The Kite-Eating Tree is a fictional tree in the Peanuts comic strip created by Charles M. Schulz. In the comics, when Charlie Brown attempts to fly a kite, the kite always ends up tangled in the tree. In an editorial from 1964, the US Catholic states that Charlie Brown's encounters with the Kite-Eating Tree represent "defeat, but not capitulation" because Charlie Brown "refuses to concede that the impossible won’t someday happen—that he will manage to get the kite in the sky, where it belongs"
Schultz considered the tree one of the series' 12 major set pieces. He created the tree in response to his experiences with kites getting caught in trees, both as a child and when flying kites with his children. He stated that the kite "usually disappears over a period of several weeks. Now obviously the kite had to go someplace, so it seemed to me that the tree must be eating it." 
One of the series featuring the Kite-Eating Tree in which Charlie Brown holds onto the string of his kite in the tree for eight days, before having to let go when it begins raining, was cited as demonstrating that the "humor of Peanuts lies in the extremity of bad luck the characters" face. In another series, Charlie Brown bit the tree, after which he had to flee from the Environmental Protection Agency.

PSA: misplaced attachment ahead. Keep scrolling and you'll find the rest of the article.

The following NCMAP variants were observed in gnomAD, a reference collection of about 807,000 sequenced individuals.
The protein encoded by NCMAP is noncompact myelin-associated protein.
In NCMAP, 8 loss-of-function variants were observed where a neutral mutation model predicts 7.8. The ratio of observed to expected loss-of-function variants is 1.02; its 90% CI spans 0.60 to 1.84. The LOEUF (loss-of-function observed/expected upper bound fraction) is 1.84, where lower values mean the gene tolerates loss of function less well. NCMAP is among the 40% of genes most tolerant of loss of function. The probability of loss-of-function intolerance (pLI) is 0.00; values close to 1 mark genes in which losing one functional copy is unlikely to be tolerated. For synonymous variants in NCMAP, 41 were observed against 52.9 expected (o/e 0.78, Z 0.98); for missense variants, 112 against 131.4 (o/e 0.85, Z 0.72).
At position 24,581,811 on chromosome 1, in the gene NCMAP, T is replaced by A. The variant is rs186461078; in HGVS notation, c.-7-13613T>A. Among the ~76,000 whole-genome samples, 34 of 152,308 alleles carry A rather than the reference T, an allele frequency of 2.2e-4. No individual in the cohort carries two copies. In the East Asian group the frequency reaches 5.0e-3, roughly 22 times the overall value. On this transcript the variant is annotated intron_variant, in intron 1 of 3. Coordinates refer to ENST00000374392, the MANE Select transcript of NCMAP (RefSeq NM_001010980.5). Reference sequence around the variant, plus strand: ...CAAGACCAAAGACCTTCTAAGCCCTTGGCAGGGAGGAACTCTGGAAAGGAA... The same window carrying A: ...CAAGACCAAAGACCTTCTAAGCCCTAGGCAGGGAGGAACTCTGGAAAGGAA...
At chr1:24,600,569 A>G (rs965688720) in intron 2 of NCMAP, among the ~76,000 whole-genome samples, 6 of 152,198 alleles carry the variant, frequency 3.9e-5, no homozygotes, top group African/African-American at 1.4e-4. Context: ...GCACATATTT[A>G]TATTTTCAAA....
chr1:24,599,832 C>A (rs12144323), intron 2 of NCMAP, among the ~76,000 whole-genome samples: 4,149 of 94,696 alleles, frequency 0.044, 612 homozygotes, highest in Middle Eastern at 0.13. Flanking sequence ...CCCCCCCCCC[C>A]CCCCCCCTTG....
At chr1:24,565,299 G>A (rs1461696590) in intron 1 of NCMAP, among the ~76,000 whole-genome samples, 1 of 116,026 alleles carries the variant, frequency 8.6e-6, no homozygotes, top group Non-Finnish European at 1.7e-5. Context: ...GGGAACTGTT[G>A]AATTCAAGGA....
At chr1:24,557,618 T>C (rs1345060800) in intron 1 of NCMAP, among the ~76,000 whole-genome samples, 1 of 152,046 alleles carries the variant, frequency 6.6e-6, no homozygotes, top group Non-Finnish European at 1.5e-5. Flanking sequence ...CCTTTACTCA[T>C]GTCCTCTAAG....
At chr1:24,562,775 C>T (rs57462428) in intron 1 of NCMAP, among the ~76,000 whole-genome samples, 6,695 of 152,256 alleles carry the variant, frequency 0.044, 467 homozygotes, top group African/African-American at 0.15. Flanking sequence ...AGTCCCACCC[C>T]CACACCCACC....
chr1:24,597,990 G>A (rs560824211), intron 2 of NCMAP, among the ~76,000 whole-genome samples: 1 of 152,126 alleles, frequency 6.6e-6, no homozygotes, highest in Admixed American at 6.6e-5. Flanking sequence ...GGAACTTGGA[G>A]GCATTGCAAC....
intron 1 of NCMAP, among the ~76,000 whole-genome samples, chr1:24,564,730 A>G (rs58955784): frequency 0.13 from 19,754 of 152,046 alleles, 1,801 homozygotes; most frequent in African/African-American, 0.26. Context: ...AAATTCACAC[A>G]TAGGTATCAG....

The Kite-Eating Tree has played a part in adaptations of the comic strip including the musical You're a Good Man, Charlie Brown (1967), The Peanuts Movie (2015) and as a ride at the Peanuts-themed Knott's Berry Farm. At the Charles M. Schulz Museum and Research Center, a tree in the courtyard is designated as a representation of the Kite-Eating Tree.
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